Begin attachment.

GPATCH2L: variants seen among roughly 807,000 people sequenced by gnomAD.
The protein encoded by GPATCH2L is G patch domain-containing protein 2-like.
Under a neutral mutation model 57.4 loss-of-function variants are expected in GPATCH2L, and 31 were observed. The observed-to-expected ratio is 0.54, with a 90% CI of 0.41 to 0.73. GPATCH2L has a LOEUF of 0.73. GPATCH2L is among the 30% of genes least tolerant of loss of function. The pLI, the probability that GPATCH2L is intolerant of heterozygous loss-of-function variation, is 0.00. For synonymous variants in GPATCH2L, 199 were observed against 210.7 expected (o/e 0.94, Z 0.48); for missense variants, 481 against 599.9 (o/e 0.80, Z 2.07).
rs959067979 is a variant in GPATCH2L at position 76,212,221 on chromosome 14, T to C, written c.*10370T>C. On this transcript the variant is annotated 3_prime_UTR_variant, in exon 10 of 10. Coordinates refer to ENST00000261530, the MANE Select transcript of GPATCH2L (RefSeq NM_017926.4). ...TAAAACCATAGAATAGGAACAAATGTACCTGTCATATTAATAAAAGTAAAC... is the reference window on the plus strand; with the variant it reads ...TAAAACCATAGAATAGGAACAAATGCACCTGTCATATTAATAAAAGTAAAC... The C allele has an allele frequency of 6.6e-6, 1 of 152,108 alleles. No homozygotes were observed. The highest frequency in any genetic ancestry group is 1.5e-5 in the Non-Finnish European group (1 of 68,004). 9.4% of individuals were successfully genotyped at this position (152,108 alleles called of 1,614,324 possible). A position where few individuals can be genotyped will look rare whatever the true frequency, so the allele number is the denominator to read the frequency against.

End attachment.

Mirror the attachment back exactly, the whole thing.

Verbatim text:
GPATCH2L: variants seen among roughly 807,000 people sequenced by gnomAD.
The protein encoded by GPATCH2L is G patch domain-containing protein 2-like.
Under a neutral mutation model 57.4 loss-of-function variants are expected in GPATCH2L, and 31 were observed. The observed-to-expected ratio is 0.54, with a 90% CI of 0.41 to 0.73. GPATCH2L has a LOEUF of 0.73. GPATCH2L is among the 30% of genes least tolerant of loss of function. The pLI, the probability that GPATCH2L is intolerant of heterozygous loss-of-function variation, is 0.00. For synonymous variants in GPATCH2L, 199 were observed against 210.7 expected (o/e 0.94, Z 0.48); for missense variants, 481 against 599.9 (o/e 0.80, Z 2.07).
rs959067979 is a variant in GPATCH2L at position 76,212,221 on chromosome 14, T to C, written c.*10370T>C. On this transcript the variant is annotated 3_prime_UTR_variant, in exon 10 of 10. Coordinates refer to ENST00000261530, the MANE Select transcript of GPATCH2L (RefSeq NM_017926.4). ...TAAAACCATAGAATAGGAACAAATGTACCTGTCATATTAATAAAAGTAAAC... is the reference window on the plus strand; with the variant it reads ...TAAAACCATAGAATAGGAACAAATGCACCTGTCATATTAATAAAAGTAAAC... The C allele has an allele frequency of 6.6e-6, 1 of 152,108 alleles. No homozygotes were observed. The highest frequency in any genetic ancestry group is 1.5e-5 in the Non-Finnish European group (1 of 68,004). 9.4% of individuals were successfully genotyped at this position (152,108 alleles called of 1,614,324 possible). A position where few individuals can be genotyped will look rare whatever the true frequency, so the allele number is the denominator to read the frequency against.